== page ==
Thursday, 30 July 2015

The dizzy heights of public ownership

In the winter of 2007, in a bout of hopeless nostalgia for socialist times I decided to spend my New Years Eve high up in the clouds above Berlin. Well, not that high, 290 metres to be exact, in the Television Tower of East Berlin.

By chance, I ended up sitting next to a former manager of the East German Socialist Planning Agency. The Agency was responsible to project the number of consumer goods needed, everything ranging from car tyres to toilet paper (there was only one kind, of the grey and rough variety). Planning periods ranged from 1 year (the short term plans) to five years. The projections would then be passed on to the Ministry of Economic Affairs which instructed East German factories to produce the relevant number of goods.

I remember distinctly that, despite this being almost 20 years after the collapse of socialism, my neighbour at the dining table was remarkably upbeat about the future prospects of socialist planning. The reason it had all failed the last time, he argued, was because they (at the Planning Agency) had not yet had computers with sufficient calculating capacity. This was likely to be different soon as computer capacity would become so large that you could plan the needs of millions of people at any point in time. At that moment, people would finally see the light and socialism would come back.

I was recently reminded of this slightly unhinged reminiscing with a former party comrade in Berlin's television tower when I heard Jeremy Corbyn suggest that most of the UK's problems would be solved once the railways, utilities and pretty much anything else would be taken into public ownership.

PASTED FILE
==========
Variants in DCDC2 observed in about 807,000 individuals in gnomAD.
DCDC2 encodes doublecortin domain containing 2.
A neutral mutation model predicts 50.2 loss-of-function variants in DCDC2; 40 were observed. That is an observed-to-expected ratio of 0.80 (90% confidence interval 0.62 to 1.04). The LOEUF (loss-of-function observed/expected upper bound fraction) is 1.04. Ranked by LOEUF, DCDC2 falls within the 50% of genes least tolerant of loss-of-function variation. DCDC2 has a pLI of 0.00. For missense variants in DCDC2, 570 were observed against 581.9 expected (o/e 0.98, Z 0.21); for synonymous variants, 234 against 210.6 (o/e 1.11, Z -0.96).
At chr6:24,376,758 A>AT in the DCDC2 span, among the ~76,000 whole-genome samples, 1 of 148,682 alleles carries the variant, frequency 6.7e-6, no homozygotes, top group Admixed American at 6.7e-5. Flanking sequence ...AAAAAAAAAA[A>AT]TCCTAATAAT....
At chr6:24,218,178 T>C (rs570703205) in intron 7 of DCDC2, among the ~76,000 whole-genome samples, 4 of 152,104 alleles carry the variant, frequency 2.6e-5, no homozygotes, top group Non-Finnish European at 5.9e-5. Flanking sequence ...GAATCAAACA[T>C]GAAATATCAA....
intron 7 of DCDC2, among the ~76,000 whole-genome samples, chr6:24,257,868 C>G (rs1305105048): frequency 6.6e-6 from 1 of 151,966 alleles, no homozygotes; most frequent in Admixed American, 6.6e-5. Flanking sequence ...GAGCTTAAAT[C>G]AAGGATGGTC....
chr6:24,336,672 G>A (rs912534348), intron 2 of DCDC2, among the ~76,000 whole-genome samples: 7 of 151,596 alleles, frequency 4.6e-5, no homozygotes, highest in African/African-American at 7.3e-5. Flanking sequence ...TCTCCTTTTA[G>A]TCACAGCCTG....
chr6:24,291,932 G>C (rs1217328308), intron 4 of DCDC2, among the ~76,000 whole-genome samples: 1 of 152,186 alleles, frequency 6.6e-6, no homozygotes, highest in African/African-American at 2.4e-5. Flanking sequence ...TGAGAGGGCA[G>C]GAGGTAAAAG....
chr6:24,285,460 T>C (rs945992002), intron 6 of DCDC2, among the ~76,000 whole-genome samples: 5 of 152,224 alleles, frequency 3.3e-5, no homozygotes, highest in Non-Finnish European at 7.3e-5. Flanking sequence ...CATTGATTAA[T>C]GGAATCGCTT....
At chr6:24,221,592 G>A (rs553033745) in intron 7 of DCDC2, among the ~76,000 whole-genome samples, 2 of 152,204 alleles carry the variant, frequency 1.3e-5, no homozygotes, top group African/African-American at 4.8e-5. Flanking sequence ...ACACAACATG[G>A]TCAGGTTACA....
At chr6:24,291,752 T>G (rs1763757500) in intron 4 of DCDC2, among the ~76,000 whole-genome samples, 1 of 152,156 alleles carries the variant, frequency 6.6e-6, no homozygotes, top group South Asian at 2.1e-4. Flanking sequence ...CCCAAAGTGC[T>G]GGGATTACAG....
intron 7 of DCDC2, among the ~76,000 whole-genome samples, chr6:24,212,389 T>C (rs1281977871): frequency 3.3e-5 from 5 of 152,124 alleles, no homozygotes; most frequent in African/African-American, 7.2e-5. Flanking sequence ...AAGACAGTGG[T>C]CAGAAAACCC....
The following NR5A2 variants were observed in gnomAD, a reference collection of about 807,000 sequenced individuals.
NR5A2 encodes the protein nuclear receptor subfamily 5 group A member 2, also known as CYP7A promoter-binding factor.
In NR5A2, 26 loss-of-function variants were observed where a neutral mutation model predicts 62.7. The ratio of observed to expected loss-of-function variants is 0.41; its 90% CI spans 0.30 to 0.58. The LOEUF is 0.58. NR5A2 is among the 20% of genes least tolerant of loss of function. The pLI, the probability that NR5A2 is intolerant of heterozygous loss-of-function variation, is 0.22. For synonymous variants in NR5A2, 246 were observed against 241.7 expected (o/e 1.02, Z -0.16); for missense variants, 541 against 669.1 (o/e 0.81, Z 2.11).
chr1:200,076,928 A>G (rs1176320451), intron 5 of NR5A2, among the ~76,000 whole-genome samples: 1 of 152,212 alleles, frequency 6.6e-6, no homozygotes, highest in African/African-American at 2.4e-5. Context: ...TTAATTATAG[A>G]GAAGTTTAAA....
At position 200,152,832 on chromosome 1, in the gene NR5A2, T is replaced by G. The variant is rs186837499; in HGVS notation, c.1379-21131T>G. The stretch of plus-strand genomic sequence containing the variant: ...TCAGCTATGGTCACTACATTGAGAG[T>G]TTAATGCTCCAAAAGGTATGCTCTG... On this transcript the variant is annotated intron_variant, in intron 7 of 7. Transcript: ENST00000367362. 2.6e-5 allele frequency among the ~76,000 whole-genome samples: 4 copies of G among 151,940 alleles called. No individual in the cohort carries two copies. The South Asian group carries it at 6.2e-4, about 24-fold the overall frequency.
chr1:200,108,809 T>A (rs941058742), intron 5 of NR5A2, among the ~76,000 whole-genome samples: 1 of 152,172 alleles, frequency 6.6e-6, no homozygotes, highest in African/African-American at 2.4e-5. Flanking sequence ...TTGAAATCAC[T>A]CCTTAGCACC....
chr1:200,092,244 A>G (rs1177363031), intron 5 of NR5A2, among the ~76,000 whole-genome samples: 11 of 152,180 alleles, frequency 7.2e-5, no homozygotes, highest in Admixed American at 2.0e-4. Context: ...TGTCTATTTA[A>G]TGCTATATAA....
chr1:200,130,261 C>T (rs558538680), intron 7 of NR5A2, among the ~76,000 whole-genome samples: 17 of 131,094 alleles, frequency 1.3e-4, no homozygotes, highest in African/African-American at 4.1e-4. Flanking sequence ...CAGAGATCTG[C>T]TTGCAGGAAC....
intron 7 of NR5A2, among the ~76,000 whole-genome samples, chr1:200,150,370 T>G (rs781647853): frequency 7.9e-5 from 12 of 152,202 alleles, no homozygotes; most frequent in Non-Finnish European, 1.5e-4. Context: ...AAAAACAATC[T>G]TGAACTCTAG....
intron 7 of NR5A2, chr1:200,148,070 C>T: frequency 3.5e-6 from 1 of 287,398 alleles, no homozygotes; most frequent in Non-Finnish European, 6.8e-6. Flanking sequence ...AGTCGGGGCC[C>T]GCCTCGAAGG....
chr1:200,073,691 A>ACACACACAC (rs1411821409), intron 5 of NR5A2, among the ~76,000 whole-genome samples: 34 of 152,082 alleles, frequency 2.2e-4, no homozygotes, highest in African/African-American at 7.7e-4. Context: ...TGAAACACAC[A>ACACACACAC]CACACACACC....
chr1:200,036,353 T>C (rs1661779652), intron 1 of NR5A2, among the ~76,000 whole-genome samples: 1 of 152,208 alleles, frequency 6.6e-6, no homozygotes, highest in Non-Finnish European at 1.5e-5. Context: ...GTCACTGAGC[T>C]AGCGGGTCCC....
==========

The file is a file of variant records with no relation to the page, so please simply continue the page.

What really astounded me however was not that he advocated what had failed before. Rather, of all people, Corbyn did not seem to have read much Trostky. Having turned his back on Stalinism in Soviet Russia, Trostky produced a stinging critique of public ownership arguing, in essence, that where everybody owns everything, no one owns anything, leaving a small party political clique (or union nomenklatura) in charge.

Sometimes I wonder why socialists keep climbing the same dizzy heights of economic planning time and again. But then perhaps, the view from up high might be very comforting. Everything looks small from there, as if we can move things around according to the plans we have for them.


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